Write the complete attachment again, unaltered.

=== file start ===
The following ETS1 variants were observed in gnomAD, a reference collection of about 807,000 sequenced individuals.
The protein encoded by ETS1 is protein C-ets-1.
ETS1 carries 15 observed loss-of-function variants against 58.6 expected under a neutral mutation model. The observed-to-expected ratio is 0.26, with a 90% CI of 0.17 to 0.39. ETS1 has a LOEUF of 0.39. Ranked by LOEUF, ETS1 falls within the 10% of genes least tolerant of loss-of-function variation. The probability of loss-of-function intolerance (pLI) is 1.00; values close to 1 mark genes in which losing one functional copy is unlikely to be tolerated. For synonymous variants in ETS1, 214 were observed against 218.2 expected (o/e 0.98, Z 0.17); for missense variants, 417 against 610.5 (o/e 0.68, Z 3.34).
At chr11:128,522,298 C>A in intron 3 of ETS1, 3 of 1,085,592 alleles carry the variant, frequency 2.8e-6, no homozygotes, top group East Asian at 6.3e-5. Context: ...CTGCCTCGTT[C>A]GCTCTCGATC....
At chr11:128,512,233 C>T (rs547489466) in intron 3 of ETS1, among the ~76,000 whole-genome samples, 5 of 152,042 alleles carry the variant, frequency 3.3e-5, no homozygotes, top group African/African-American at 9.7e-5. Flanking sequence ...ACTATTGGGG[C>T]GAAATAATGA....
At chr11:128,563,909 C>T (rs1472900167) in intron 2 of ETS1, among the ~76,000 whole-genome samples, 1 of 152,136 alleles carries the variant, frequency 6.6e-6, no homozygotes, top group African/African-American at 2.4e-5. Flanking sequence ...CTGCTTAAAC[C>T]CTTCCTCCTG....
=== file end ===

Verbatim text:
The following ETS1 variants were observed in gnomAD, a reference collection of about 807,000 sequenced individuals.
The protein encoded by ETS1 is protein C-ets-1.
ETS1 carries 15 observed loss-of-function variants against 58.6 expected under a neutral mutation model. The observed-to-expected ratio is 0.26, with a 90% CI of 0.17 to 0.39. ETS1 has a LOEUF of 0.39. Ranked by LOEUF, ETS1 falls within the 10% of genes least tolerant of loss-of-function variation. The probability of loss-of-function intolerance (pLI) is 1.00; values close to 1 mark genes in which losing one functional copy is unlikely to be tolerated. For synonymous variants in ETS1, 214 were observed against 218.2 expected (o/e 0.98, Z 0.17); for missense variants, 417 against 610.5 (o/e 0.68, Z 3.34).
At chr11:128,522,298 C>A in intron 3 of ETS1, 3 of 1,085,592 alleles carry the variant, frequency 2.8e-6, no homozygotes, top group East Asian at 6.3e-5. Context: ...CTGCCTCGTT[C>A]GCTCTCGATC....
At chr11:128,512,233 C>T (rs547489466) in intron 3 of ETS1, among the ~76,000 whole-genome samples, 5 of 152,042 alleles carry the variant, frequency 3.3e-5, no homozygotes, top group African/African-American at 9.7e-5. Flanking sequence ...ACTATTGGGG[C>T]GAAATAATGA....
At chr11:128,563,909 C>T (rs1472900167) in intron 2 of ETS1, among the ~76,000 whole-genome samples, 1 of 152,136 alleles carries the variant, frequency 6.6e-6, no homozygotes, top group African/African-American at 2.4e-5. Flanking sequence ...CTGCTTAAAC[C>T]CTTCCTCCTG....